Technology has allowed our profession to develop into several new career paths, and reporters need to focus on the type of career path they are interested in. After your basic skills are developed, CART, realtime reporting as a freelancer or official, and/or closed captioning are focus areas that allow reporters to choose a profession that is more in sync with their lifestyles and family needs. Again, being a standout in the crowd with your skill set will give you a huge advantage.
How important is networking to building business and become successful?
Can you provide some examples of good networking that could help court reporters?
Knowing your legislators and keeping in contact with those who make the laws/statues, etc., that govern reporters is integral to our future. That contact must occur on a regular basis and not just when there is a crisis or change that will impact the court reporting profession.
What would be the best advice (or pieces of advice) you could give a student who is about to enter the field?
Students should do their best to pay attention to rules, regulations, and office procedures where they work. Do a good job. Turn out your transcripts in a timely fashion. Continue your certification process. Keep your software up to date, and enjoy the financial rewards that come from a profession that allows you flexibility.
What type of advice would you give to an established court reporter who is considering getting out of the field due to changes in the business?
What changes could be so drastic that you would want to leave this field? You have multiple career paths open to you. If you are a reporter with the skills and certifications looked for in our field, the only thing you need to do is understand changes and go with the flow. You do not want to find yourself in the same place as many auto companies because “that’s the way we have always done it!” We have gone from the pen writer to the manual machine writer, then on to the electric machine writer, to the computerized machine writer, and on to the realtime writer, the CART provider, and the closed caption writer. And through all those reinventions and new ways of doing steno writing, we have heard you will be replaced by tape recording, digital recording, etc. We have evolved. We are still here. We can still do it faster, better, and the most accurately. We are technology. Don’t leave the business; evolve with the business.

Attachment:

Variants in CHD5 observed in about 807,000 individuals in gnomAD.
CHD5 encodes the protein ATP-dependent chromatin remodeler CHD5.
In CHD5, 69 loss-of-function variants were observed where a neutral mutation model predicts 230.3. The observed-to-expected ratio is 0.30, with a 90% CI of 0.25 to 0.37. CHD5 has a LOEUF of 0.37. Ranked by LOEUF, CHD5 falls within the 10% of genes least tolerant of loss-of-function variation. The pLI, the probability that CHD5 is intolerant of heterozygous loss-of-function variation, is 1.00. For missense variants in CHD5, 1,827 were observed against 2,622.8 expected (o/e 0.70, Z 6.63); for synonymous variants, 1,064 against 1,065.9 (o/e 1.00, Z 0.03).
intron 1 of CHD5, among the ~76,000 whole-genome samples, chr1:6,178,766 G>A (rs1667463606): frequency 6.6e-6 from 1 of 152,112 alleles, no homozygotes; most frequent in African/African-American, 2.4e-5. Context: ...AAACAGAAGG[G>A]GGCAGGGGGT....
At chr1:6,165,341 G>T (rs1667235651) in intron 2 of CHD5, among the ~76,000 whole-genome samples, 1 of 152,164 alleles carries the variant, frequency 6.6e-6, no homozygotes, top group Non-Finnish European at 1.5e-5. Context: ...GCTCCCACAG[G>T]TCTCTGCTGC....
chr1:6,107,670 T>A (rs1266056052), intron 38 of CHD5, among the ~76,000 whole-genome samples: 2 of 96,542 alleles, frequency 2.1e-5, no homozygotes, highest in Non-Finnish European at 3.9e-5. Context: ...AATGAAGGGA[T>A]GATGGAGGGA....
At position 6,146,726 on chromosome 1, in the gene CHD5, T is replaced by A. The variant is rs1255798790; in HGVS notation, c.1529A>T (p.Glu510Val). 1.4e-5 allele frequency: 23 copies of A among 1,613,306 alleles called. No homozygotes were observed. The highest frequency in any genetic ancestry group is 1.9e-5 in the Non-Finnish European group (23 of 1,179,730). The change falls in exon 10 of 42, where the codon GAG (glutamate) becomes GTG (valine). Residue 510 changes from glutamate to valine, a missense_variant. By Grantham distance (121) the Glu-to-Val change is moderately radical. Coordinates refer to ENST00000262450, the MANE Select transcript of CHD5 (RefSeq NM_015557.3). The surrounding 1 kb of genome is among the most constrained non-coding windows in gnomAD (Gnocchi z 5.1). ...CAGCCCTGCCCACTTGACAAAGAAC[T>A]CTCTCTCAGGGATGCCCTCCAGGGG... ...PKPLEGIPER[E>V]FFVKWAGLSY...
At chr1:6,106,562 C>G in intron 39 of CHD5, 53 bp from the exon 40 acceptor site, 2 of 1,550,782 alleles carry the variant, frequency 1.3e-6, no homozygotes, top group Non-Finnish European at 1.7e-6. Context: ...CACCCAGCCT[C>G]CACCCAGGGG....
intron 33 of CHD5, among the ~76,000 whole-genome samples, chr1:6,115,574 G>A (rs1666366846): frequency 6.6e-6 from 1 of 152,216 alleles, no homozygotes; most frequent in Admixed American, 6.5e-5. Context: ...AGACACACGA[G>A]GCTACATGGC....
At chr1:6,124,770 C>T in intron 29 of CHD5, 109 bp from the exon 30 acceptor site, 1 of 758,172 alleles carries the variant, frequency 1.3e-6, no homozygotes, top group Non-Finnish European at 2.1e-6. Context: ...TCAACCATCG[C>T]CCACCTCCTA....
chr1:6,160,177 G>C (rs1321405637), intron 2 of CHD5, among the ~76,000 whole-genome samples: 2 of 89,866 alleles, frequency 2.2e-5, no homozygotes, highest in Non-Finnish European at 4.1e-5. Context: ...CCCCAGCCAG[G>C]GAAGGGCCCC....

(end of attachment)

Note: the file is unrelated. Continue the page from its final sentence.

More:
Where do you see the court reporting profession going in the future? And what do reporters need to do to prepare for that?
I see court reporting remaining a vibrant profession. I see court reporting career paths continuing to blossom and allowing stenographic writers choices. I see court reporting becoming a truly IT business profession with high pay and importance. To prepare for this future, NCRA, state associations, state certifications, continuing education, education, and relationship building with decision makers, stake holders, education of the members of the legal field, the television industry, and educational industry of what we can provide, what we do provide, and how we can assist them all in the furtherance of their own professions is of the highest priority. We must advocate. We must maintain our skills. We must have the skills we profess.
Do you want to nominate someone for the “Secrets of Success” series? Send your pick into the JCR’sWriter/Editor, Linda Smolkin, at email@example.com.